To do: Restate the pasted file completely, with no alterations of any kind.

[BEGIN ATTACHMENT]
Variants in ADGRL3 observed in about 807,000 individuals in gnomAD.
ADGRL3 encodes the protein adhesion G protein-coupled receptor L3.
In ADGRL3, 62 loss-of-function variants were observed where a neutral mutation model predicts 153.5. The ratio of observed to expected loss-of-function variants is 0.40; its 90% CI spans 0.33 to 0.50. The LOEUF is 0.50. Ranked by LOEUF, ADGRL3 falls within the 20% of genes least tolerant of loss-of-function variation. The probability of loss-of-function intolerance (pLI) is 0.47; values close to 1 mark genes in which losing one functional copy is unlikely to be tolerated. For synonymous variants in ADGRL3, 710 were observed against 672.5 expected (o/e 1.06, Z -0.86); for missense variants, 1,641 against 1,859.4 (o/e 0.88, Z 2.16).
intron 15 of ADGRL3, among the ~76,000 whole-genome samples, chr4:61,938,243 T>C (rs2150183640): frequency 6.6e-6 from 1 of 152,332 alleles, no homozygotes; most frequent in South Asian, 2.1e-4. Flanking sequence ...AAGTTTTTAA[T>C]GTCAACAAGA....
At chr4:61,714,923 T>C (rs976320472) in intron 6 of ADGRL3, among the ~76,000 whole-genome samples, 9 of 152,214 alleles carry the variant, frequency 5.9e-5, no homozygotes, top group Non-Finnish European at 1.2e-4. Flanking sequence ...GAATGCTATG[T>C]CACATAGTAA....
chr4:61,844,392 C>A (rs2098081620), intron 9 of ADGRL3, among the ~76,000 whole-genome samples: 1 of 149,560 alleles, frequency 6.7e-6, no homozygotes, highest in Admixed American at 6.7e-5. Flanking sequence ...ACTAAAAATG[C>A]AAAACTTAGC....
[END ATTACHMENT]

Variants in ADGRL3 observed in about 807,000 individuals in gnomAD.
ADGRL3 encodes the protein adhesion G protein-coupled receptor L3.
In ADGRL3, 62 loss-of-function variants were observed where a neutral mutation model predicts 153.5. The ratio of observed to expected loss-of-function variants is 0.40; its 90% CI spans 0.33 to 0.50. The LOEUF is 0.50. Ranked by LOEUF, ADGRL3 falls within the 20% of genes least tolerant of loss-of-function variation. The probability of loss-of-function intolerance (pLI) is 0.47; values close to 1 mark genes in which losing one functional copy is unlikely to be tolerated. For synonymous variants in ADGRL3, 710 were observed against 672.5 expected (o/e 1.06, Z -0.86); for missense variants, 1,641 against 1,859.4 (o/e 0.88, Z 2.16).
intron 15 of ADGRL3, among the ~76,000 whole-genome samples, chr4:61,938,243 T>C (rs2150183640): frequency 6.6e-6 from 1 of 152,332 alleles, no homozygotes; most frequent in South Asian, 2.1e-4. Flanking sequence ...AAGTTTTTAA[T>C]GTCAACAAGA....
At chr4:61,714,923 T>C (rs976320472) in intron 6 of ADGRL3, among the ~76,000 whole-genome samples, 9 of 152,214 alleles carry the variant, frequency 5.9e-5, no homozygotes, top group Non-Finnish European at 1.2e-4. Flanking sequence ...GAATGCTATG[T>C]CACATAGTAA....
chr4:61,844,392 C>A (rs2098081620), intron 9 of ADGRL3, among the ~76,000 whole-genome samples: 1 of 149,560 alleles, frequency 6.7e-6, no homozygotes, highest in Admixed American at 6.7e-5. Flanking sequence ...ACTAAAAATG[C>A]AAAACTTAGC....